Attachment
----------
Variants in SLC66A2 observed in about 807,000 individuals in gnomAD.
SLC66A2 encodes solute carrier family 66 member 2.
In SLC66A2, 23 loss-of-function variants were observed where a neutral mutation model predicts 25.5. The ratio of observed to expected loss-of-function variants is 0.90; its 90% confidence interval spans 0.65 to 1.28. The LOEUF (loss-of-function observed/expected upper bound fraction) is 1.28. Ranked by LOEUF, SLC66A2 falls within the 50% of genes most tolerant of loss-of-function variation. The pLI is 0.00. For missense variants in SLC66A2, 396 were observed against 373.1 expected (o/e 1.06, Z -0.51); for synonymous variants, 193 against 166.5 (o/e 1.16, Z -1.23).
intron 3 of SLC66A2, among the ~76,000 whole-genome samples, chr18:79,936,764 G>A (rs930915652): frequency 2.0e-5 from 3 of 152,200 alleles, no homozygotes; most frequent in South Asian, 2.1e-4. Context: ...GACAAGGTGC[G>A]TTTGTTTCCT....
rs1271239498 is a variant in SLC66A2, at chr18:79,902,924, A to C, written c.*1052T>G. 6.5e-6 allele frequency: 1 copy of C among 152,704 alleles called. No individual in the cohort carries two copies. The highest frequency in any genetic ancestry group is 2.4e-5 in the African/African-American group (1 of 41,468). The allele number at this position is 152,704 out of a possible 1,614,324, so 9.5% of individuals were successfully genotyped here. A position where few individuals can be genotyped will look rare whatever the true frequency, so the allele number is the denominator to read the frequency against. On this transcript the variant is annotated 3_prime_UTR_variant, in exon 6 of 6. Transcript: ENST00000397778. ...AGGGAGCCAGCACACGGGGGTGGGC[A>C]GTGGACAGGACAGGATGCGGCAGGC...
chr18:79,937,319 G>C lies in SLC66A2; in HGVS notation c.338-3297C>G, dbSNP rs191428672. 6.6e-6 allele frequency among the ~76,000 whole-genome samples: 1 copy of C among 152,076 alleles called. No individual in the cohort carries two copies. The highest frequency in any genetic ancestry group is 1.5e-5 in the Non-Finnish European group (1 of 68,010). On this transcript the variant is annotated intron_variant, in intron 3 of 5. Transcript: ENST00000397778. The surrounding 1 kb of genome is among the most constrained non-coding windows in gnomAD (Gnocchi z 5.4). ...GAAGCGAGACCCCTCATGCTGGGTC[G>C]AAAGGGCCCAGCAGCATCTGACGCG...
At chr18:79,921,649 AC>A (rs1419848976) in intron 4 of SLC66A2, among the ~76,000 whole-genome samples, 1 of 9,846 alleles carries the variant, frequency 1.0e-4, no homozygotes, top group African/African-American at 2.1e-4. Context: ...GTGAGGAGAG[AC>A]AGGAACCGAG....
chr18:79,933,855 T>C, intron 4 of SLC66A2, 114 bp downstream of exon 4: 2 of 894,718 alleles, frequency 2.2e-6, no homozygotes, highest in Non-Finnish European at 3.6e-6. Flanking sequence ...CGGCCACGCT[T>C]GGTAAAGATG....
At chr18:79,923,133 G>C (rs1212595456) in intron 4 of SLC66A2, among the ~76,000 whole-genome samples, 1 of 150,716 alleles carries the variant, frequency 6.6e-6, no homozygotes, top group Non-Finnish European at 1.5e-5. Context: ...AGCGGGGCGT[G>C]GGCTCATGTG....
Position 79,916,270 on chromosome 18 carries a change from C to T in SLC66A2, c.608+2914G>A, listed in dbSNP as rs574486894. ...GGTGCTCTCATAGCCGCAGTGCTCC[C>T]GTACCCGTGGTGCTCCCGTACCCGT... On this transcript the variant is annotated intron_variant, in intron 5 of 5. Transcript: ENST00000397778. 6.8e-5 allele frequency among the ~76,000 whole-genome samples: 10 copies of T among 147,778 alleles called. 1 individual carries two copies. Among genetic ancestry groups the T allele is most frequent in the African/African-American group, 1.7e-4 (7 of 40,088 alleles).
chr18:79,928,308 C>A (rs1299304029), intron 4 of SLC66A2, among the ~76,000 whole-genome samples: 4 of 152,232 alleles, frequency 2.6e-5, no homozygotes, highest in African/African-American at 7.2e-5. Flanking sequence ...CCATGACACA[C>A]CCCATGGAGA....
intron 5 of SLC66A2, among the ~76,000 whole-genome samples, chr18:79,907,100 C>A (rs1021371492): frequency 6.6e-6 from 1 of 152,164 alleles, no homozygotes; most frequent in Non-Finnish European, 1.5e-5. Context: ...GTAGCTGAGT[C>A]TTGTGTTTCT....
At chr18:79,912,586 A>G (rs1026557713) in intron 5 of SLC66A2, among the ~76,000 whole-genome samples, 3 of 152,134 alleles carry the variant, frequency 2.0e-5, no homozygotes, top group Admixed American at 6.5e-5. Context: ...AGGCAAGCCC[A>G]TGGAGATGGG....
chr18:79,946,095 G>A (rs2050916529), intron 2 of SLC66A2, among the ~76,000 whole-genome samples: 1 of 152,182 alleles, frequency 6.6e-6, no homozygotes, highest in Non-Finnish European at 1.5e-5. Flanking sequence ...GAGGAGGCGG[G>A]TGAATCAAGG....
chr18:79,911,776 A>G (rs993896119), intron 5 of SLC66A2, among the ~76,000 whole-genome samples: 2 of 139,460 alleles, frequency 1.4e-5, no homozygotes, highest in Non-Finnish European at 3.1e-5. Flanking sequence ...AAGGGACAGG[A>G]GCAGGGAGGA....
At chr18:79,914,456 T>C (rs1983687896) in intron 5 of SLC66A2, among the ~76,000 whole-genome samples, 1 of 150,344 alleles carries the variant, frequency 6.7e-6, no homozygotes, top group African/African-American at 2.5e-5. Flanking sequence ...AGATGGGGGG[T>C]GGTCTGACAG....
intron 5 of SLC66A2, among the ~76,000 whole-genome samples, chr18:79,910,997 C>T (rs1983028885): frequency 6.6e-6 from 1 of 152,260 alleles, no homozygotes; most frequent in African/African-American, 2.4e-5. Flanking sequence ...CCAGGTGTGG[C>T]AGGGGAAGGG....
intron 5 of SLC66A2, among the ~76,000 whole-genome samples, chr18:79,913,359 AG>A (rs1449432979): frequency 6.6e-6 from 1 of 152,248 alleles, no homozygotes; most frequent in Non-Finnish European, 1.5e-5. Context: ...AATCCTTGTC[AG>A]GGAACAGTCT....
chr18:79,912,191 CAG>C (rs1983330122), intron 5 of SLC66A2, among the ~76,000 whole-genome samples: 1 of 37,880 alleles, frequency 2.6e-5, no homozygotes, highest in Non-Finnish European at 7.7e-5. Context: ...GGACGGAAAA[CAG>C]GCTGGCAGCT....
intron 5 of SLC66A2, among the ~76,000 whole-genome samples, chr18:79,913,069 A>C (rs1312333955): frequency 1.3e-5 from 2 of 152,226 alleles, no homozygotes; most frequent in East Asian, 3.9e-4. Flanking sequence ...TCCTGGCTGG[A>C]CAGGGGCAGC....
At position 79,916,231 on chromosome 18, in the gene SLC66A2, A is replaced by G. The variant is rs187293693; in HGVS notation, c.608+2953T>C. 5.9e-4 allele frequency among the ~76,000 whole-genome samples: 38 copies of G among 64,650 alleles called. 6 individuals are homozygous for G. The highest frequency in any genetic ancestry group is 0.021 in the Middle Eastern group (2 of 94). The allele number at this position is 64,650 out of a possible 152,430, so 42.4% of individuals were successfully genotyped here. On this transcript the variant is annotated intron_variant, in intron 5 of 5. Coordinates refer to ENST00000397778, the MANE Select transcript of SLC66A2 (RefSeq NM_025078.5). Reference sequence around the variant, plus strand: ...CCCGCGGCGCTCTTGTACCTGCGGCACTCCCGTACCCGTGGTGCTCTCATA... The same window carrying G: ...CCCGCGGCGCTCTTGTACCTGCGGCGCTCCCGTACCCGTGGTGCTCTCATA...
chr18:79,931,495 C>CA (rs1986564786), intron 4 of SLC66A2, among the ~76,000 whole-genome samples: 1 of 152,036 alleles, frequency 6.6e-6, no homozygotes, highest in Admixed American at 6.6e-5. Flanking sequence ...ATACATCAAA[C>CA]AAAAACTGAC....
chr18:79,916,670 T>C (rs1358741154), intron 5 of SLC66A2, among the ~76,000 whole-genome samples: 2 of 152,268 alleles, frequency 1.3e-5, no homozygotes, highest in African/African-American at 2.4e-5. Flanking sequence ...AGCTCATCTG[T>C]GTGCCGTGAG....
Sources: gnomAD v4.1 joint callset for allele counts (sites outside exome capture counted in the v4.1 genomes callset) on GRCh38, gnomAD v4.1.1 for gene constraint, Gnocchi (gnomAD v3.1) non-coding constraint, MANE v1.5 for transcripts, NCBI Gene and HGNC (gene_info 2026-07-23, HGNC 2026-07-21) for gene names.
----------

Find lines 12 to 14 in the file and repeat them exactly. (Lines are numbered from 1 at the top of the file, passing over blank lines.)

intron 5 of SLC66A2, among the ~76,000 whole-genome samples, chr18:79,907,100 C>A (rs1021371492): frequency 6.6e-6 from 1 of 152,164 alleles, no homozygotes; most frequent in Non-Finnish European, 1.5e-5. Context: ...GTAGCTGAGT[C>A]TTGTGTTTCT....
At chr18:79,912,586 A>G (rs1026557713) in intron 5 of SLC66A2, among the ~76,000 whole-genome samples, 3 of 152,134 alleles carry the variant, frequency 2.0e-5, no homozygotes, top group Admixed American at 6.5e-5. Context: ...AGGCAAGCCC[A>G]TGGAGATGGG....
chr18:79,946,095 G>A (rs2050916529), intron 2 of SLC66A2, among the ~76,000 whole-genome samples: 1 of 152,182 alleles, frequency 6.6e-6, no homozygotes, highest in Non-Finnish European at 1.5e-5. Flanking sequence ...GAGGAGGCGG[G>A]TGAATCAAGG....